Global Initiatives

Putin promotes Central Asian union

The Vancouver Sun

By Jonathan Manthorpe

Russia's past and future president, Vladimir Putin, once called the collapse of the Soviet Union "the greatest geopolitical catastrophe of the 20th century," and he may well be intent on repairing history's damage.

In a column in Izvestiya newspaper Putin, in his first major announcement after announcing his planned return to the presidency a week before, said he plans to construct an economic and security "Eurasian Union" of former Soviet Central Asian republics modelled on the European Union.

The Eurasian Union, Putin wrote, will be based on the e x i s t i n g c u s t o m s u n i o n between Russia, Belarus and Kazakhstan.

"We are not going to stop there, and are setting an ambitious goal before ourselves - to get to the next, even higher level of integration," he wrote.

Tajikistan and Kyrgyzstan are the logical next candidates for inclusion in this new bloc, he said.

And perhaps with an eye on international suspicion because of his well-known nostalgia for the Soviet Union and his evident tsarist political tendencies - a major element in his appeal to Russian voters with their yearning for stability - Putin specifically denied this plan is a return to the past.

"There is no talk of rebuilding the U.S.S.R. [Soviet Union] one way or another," he wrote.

"It would be naive to try to restore or copy something that belongs to the past, but a close integration based on new values and economic and political foundation is a demand of the present," Putin said.

Putin has spurred the creation of many Moscow-led regional groups since he came to power as President in 2000 and then as Prime Minister in 2008. He plans to return to the presidency next year and under constitutional amendments could remain in that office until 2024.

"We received a big legacy from the Soviet Union - infrastructure, current industrial specialization, and a common linguistic, scientific and cultural space," Putin wrote last week.

"To use this resource together for our development is in our common interest."

The Eurasian Union would build on at least two existing initiatives.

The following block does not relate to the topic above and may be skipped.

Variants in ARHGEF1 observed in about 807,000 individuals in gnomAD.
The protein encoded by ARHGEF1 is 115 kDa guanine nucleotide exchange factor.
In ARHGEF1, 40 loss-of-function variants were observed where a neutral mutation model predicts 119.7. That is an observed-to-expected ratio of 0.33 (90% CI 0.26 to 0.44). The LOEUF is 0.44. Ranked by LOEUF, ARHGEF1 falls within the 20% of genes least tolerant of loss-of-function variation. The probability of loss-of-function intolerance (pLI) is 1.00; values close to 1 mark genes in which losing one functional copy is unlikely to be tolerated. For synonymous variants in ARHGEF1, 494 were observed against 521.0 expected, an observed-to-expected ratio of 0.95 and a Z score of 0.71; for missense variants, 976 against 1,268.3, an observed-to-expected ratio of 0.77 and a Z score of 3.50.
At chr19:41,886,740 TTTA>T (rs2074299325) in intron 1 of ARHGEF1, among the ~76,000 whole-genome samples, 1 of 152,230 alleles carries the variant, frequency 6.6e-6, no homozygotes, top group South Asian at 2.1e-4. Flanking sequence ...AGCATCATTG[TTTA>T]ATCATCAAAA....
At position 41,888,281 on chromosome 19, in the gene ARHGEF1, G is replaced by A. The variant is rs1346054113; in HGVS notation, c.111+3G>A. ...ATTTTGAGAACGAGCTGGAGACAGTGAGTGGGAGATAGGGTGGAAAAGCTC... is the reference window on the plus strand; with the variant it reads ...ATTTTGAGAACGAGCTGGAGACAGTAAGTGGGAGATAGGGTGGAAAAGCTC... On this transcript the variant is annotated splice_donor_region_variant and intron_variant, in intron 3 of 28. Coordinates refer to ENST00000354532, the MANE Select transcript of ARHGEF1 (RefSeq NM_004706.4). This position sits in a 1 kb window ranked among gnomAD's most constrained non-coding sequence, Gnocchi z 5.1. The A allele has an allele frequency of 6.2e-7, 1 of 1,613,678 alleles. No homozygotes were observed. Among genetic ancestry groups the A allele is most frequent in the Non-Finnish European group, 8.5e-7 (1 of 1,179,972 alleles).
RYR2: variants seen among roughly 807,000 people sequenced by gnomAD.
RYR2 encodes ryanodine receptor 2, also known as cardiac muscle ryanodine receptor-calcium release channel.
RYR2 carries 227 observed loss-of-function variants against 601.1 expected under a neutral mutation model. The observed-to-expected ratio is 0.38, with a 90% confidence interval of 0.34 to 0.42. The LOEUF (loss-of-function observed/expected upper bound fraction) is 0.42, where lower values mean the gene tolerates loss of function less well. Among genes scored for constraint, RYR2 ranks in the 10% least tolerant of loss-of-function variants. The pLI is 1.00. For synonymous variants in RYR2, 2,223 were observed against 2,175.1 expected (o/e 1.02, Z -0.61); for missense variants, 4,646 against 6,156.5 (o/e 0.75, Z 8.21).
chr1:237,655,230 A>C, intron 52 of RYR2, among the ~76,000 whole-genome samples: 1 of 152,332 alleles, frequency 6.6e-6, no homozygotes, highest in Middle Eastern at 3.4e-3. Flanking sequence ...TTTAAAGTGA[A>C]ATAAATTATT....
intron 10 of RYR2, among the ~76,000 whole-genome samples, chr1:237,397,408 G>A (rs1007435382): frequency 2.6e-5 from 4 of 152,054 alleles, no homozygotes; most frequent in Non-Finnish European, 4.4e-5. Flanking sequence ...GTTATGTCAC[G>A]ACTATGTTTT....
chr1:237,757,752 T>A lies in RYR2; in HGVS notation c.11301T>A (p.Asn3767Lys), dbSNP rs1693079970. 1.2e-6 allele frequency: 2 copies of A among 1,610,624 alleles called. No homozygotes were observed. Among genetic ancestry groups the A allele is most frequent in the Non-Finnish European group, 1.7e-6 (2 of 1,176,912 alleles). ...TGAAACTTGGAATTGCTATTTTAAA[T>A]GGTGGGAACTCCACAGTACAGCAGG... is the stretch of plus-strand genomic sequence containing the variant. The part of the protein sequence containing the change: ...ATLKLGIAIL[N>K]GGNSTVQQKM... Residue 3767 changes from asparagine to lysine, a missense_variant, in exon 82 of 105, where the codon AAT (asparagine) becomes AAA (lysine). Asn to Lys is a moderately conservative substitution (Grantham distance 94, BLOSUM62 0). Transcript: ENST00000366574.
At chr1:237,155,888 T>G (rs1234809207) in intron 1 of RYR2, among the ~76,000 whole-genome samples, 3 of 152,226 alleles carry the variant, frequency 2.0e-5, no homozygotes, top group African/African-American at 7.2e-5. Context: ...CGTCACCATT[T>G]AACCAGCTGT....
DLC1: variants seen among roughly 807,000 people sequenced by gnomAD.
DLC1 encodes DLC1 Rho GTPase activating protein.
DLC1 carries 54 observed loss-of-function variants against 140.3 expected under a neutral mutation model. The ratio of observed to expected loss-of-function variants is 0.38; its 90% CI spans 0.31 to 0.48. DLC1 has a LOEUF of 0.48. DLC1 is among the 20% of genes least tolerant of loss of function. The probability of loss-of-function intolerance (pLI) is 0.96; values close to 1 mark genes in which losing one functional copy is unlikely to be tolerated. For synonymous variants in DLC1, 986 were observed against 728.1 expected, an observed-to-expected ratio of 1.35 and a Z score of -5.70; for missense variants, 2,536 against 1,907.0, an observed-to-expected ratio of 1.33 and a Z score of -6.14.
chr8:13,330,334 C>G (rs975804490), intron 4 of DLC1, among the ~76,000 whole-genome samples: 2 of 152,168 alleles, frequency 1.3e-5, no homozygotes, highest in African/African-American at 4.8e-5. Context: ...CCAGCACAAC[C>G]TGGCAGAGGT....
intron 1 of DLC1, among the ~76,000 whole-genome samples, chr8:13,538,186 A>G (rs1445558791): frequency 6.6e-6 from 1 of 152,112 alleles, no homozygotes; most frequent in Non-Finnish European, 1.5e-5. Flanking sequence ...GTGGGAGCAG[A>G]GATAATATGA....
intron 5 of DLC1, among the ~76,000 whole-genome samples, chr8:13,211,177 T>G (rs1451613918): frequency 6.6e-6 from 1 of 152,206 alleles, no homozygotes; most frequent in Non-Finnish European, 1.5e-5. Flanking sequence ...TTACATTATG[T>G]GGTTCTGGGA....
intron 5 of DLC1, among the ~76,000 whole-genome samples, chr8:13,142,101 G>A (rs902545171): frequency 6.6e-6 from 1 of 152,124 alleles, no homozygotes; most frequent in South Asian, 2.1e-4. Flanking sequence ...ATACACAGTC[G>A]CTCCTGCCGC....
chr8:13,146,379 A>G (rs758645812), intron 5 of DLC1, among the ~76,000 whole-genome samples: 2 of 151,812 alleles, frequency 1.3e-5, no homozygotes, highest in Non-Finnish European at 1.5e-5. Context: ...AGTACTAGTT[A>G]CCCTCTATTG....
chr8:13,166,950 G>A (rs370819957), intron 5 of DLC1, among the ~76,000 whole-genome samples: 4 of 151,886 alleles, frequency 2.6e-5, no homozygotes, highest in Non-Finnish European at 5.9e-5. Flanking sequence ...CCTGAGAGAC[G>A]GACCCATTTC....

One is the 2009 customs union with Kazakhstan and Belarus, which removed tariffs and customs controls along internal borders.

In January this agreement will expand to allow the free movement of goods, services and capital across a single market which will include 165 million people.

As well as welcoming now independent former Soviet republics in Central Asia, there is also talk of the new bloc adopting a single currency and, according to Putin, adapting other functions of the European Union.

What prompted international suspicion, especially in western Europe, that Putin is bent on rebuilding the Soviet Union is that his new economic bloc fits neatly with an existing military group, the Collective Security Treaty Organization (CSTO).

The CSTO, formed in 2002, comprises Russia, Armenia, Kazakhstan, Tajikistan, Kyrgyzstan, and Uzbekistan, and has been trumpeted repeatedly by Russian officials - though not convincingly - as a future counterweight to the North Atlantic Treaty Organization.

But Putin is clearly signalling that during his renewed presidency Moscow will put political capital and money behind his economic and security Central Asian alliances.

The success of Putin's dreams is not a foregone outcome. The country's of Central Asia are mostly relishing their 20 years of independence and although most remain friendly to Moscow, most have abundant stocks of natural resources which have made them highly attractive to other suitors, especially China, Japan and India.

And even the existing lowlevel customs union has raised opposition, in Kazakhstan in particular, where it is held responsible for sharp increases in food and fuel prices.

It is unlikely that Putin's club will be attractive to any of the former members of the Soviet bloc, such as Ukraine and Georgia, who have worked toward membership of the European Union, but who have been put on hold while Brussels struggles with the debt crisis.

The gross domestic product of Russia and the Central Asian states last year was $1.9 billion while that the of European Union was $16 trillion.

But there is also a view that Putin's Eurasian Union is an expression of his frustration with Russia's 18-years of fruitless efforts to join the World Trade Organization.

It's an old and often effective tactic. If the good country clubs won't give you membership, form your own.


Source: The Vancouver Sun

Post-Crisis World Institute